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Eric O'Sullivan eager to step out of the shadow of Jack McGrath



Raring to go: Eric O’Sullivan is set to start for Ulster against Clermont after Jack McGrath’s injury

Raring to go: Eric O’Sullivan is set to start for Ulster against Clermont after Jack McGrath’s injury

Jack McGrath

Jack McGrath

�INPHO/Bryan Keane

Raring to go: Eric O’Sullivan is set to start for Ulster against Clermont after Jack McGrath’s injury

Whatever was in the Dublin water during the 1995/96 season, those born during the campaign are proving a vintage year for Irish props.

At the year-group's under-20s World Cup, the loosehead selections were Andrew Porter, now a tight-head and one of Ireland's best performers at the World Cup in Japan, and Jeremy Loughman, now of Munster and man-of-the-match for Johann van Graan in the province's Champions Cup.

With Cian Healy and Jack McGrath already ahead of them by the time they hit the Academy in D4, it's little wonder that both had to ultimately shift course from their ambitions of making the blue number one jersey their own, nor that Eric O'Sullivan had to escape to Ulster to extricate himself from the loosehead logjam at home.

Having seized the opportunity up north given to him by Dan McFarland with a string of stellar outings last season, O'Sullivan once again found himself stuck behind McGrath to start this campaign, his fellow St Mary's man having made the same well-worn trip up the M1 over the summer.

"He's a St Mary's clubman as well, where I played my youth rugby, but we never crossed paths," says O'Sullivan of the relationship between the two.

"I can learn a lot from Jack and I already have. He has so much knowledge.

"He's played with and against so many great players. He's been on a Lions tour, he knows his stuff.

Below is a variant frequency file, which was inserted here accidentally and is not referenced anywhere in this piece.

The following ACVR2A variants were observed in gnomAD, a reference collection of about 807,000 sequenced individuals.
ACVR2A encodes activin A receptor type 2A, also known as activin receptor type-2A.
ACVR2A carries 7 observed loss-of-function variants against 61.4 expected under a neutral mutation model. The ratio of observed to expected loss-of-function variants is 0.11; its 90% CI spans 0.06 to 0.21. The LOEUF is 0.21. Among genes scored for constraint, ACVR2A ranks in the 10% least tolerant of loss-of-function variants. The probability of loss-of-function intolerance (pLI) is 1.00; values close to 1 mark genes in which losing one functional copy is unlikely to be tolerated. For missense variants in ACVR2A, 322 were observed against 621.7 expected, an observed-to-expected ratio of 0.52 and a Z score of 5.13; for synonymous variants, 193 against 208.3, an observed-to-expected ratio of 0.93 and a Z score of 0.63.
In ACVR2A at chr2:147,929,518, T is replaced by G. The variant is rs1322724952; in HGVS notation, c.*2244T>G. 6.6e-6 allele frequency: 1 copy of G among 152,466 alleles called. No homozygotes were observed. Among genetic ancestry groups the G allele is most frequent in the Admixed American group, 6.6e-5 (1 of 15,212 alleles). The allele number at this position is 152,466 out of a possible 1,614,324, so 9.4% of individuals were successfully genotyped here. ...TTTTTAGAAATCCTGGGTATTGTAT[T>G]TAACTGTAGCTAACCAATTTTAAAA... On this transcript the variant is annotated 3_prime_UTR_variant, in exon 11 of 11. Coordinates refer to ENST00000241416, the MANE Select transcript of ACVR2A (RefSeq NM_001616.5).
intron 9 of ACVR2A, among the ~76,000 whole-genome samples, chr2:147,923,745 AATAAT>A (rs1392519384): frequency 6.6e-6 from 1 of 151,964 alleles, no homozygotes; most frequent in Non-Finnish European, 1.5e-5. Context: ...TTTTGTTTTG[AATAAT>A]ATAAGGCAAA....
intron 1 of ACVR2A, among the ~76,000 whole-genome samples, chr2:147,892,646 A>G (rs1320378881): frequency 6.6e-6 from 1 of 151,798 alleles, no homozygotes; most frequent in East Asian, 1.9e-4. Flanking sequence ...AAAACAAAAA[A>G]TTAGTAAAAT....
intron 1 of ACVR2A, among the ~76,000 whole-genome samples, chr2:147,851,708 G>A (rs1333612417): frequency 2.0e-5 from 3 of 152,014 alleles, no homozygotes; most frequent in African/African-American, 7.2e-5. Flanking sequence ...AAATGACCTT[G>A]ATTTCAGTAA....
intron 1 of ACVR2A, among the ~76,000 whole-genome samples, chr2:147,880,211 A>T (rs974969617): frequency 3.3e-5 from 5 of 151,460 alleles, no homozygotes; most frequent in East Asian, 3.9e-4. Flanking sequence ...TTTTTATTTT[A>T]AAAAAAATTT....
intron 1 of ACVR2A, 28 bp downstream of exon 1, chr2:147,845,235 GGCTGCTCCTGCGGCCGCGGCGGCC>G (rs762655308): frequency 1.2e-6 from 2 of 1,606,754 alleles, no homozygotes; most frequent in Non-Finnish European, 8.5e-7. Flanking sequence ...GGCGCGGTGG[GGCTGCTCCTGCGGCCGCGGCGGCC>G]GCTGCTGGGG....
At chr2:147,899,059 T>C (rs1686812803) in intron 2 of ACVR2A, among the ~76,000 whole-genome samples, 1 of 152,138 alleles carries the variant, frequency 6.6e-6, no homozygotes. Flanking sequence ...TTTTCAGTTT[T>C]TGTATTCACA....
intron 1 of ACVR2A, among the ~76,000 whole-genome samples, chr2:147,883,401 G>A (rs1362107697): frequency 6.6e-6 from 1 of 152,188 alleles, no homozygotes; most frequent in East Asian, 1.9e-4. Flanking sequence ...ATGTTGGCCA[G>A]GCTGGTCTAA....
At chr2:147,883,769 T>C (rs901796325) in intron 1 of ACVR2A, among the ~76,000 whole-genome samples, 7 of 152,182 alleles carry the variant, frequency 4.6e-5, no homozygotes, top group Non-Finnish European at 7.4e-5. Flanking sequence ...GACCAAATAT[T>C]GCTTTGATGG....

"The more I learn from him, the better I'm going to be and the better then that Ulster are going to be."

With McGrath now requiring surgery on a thumb issue worsened in the win over Bath that he appeared to sustain against Munster a week prior, O'Sullivan was pressed into a 73 minute shift at The Rec and will likely be asked to go deep again when Clermont are in town on Friday night (7.45pm kick-off) for a clash where both sides are looking to begin their Champions Cup pool with two wins from two.

As usual, O'Sullivan let nobody down last week, part of a successful scrum and showing the engine of a player who grew up playing more number eight and centre than he did prop.

"It was a lot longer than I was expecting," he admitted. "I was thinking it was going to be similar to Munster, (McGrath) was going to get up and go another 60 minutes but he didn't this time. You just have to be ready at all times on the bench, you could be called upon at any stage and that's the mindset you need to have.

"You have to be ready to go and personally I'm always dying to get on the pitch anyway."

An interesting battle awaits when McGrath returns to fitness but in the interim Friday's opponents provide a fine reminder of the depth now required by top sides in the propping department. O'Sullivan is set to go head to head against either Rabah Slimani or Davit Zirakashvili come scrum time, a duo possessing merely 26 seasons of pro rugby and over 100 Test caps between them.

While the scrum wasn't the most obvious aspect of their demolition of Harlequins last weekend, the French pack not only forced two penalties and a free-kick from the first three set-pieces but also a tactical front-row replacement from their visitors after only 16 minutes.

"Obviously Clermont have some very experience operators and some big operators," O'Sullivan reflected. "They'll be able to change whatever they're doing if they don't think it's working or if you think you're getting the upper-hand on one scrum, they might do something different on the next one. You just have to get in and look at what they do and make sure you've prepared for it as best you can. In training, it's about trying to replicate that and boys giving you a good challenge and trying to replicate the sort of pictures you see.

"(Homework) is massive. Every tight-head approaches it differently. Whether they like to go at an angle, whether they come at you straight, you just need to know what you're up against because you can get caught unaware pretty quickly and give yourself a long day."

Belfast Telegraph